Today we started the Outdoor Hour nature study for the first time. The Outdoor Hour is based on the book The Handbook of Nature Study by Anna Botsford Comstock and is hosted by the Handbook of Nature Study blog. The first challenge for the summer season is on mosquitoes and the sense of smell.
To prepare, I read the chapter on mosquitoes out loud to Jedi and Monkey. The book was not really written for very young children (Jedi is 6 1/2 years old, Monkey is 3 years 4 months old, and Bitty Bug is 17 months old), so I had to change the wording a bit so that younger kids could understand. Both of the kids really liked the line drawings in the book, and talked about what they observed about the pictures of the mosquito pupae and larvae.
Some interesting things we learned from the chapter:
-Only female mosquitoes bite and sing
-Pupae have two tubes near the neck: one is a breathing tube, and one has a flap that opens and closes to help the pupae float.
-Mosquito eggs float on the top of water, and are bunched tightly together. When the larvae hatch, they exit though the bottom of the eggs.
-If you put oil on the surface of the water, you will kill the larvae and pupae because of the inability of the breathing tubes to work if coated in oil.
-Before learning to fly, the pupae sheds out of it’s skin. It then remains at the surface of the water while attempting to learn to use it’s wings. If a breeze comes while this is happening, the mosquito will likely drown.
After we read the chapter, we went outside. It was just after dusk, and it was about 20 minutes after a brief rainstorm ended (and our observation time ended approximately 30 minutes before a bigger thunderstorm began).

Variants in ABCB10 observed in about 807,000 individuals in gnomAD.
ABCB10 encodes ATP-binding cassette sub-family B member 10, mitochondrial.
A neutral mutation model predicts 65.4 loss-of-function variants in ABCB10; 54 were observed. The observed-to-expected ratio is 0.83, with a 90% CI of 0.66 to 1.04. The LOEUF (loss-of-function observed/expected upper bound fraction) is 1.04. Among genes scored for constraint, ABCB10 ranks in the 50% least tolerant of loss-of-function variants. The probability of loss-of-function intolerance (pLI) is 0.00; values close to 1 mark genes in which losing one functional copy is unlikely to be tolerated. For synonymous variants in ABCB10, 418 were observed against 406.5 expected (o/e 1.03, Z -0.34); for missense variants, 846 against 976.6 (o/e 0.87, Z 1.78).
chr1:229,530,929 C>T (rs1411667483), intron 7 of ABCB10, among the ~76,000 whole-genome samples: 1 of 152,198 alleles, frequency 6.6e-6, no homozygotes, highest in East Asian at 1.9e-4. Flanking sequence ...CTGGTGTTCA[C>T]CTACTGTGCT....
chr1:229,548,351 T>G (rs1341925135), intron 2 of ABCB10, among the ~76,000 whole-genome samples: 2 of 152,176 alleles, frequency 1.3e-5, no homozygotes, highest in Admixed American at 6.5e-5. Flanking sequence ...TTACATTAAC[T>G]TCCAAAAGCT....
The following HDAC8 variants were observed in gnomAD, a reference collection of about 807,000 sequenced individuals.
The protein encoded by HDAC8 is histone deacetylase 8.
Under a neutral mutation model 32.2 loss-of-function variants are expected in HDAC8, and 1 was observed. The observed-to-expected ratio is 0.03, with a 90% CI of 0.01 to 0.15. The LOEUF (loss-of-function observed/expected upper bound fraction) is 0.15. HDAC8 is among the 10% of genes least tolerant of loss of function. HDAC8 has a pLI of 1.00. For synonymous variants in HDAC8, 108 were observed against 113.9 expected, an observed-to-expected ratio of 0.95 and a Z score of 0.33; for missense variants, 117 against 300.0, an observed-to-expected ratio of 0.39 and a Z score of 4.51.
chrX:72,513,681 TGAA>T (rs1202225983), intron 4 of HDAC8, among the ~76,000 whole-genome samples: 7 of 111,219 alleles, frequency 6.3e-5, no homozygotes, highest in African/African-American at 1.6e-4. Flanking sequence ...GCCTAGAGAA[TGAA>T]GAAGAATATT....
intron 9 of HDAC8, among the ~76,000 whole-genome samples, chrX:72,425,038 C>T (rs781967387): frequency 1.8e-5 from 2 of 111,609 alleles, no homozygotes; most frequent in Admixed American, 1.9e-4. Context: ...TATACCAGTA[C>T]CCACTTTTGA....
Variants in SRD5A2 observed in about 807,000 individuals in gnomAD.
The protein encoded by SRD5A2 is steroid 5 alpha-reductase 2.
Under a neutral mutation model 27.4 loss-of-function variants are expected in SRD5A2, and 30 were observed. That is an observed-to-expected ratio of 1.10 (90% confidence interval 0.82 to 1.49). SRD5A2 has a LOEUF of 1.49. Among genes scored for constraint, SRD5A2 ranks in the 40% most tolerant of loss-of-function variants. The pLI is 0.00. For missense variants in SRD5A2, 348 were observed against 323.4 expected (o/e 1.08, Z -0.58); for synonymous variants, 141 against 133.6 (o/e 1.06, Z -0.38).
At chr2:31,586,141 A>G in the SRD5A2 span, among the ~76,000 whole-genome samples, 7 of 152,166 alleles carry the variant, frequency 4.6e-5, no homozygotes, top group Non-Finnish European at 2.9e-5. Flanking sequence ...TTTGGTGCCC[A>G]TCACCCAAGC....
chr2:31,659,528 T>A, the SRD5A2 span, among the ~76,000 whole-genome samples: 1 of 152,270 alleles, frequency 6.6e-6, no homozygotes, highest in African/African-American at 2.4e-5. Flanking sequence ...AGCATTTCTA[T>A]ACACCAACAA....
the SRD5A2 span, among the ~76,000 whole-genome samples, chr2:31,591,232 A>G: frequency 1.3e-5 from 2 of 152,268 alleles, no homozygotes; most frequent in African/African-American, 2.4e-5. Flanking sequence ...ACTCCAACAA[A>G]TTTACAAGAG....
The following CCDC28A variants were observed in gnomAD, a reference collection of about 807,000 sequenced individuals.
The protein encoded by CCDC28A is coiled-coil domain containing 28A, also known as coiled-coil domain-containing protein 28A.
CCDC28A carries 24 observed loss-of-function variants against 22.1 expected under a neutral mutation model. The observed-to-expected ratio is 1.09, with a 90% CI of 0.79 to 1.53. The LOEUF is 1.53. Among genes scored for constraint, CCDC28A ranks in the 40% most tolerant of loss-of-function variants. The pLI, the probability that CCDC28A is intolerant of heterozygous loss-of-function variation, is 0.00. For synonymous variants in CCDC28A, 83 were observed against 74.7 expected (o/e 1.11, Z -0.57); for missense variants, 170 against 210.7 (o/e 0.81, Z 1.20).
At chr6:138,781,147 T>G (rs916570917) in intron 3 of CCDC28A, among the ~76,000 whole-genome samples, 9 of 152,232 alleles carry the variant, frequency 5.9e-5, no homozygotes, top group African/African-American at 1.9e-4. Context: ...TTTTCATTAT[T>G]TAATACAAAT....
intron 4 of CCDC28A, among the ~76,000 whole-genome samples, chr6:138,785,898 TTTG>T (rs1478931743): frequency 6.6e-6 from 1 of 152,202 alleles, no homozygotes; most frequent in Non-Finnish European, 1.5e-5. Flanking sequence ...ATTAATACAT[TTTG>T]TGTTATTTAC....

Training the Senses
Sight: Both kids noticed a large amount of lightening bugs outside. They also noticed that most of the lightening bugs flew right above the fields surrounding our yard, but not in our yard (which was freshly mowed). Jedi hypothesized that lightening bugs preferred taller grass so that it was easier for the bugs to hide.
Smell: Jedi noted that it smelled “like worms” outside. The ground was damp from the storm and it smelled just like a rainstorm.
Hearing: While we were outside, we didn’t really hear any insects buzzing, but we could hear faint thunder in the distance. We also heard birds singing and crickets chirping.
After the initial senses training, we went to a part of the yard that has been dug out for a small pond. After several recent rainstorms, the hole had filled with water, about 3 foot deep. The water has been there for a couple weeks. The kids sat next to the water and observed bugs skating across the surface. We then took two samples of the pond water in observation jars to bring into the house.
In the house, we looked at the jars. The first jar didn’t seem to have anything living in it. The second jar, which was taken closer to the shore line of the pond, had several very tiny larvae that were very hard to see with the naked eye, and several larger pupae that were about the size of a grain of rice. The larvae tended to swim upright, with one end towards the top of the jar and one end towards the bottom, bobbing up and down. The larger pupae stayed in a fetal position with the tiny breathing tubes towards the top of the body arch. The pupae stayed at the surface for the most part, but if someone touched the observation jar, the pupae would dart straight down to the bottom of the jar and “convulse” by shaking the entire body back and forth.
The nature journals: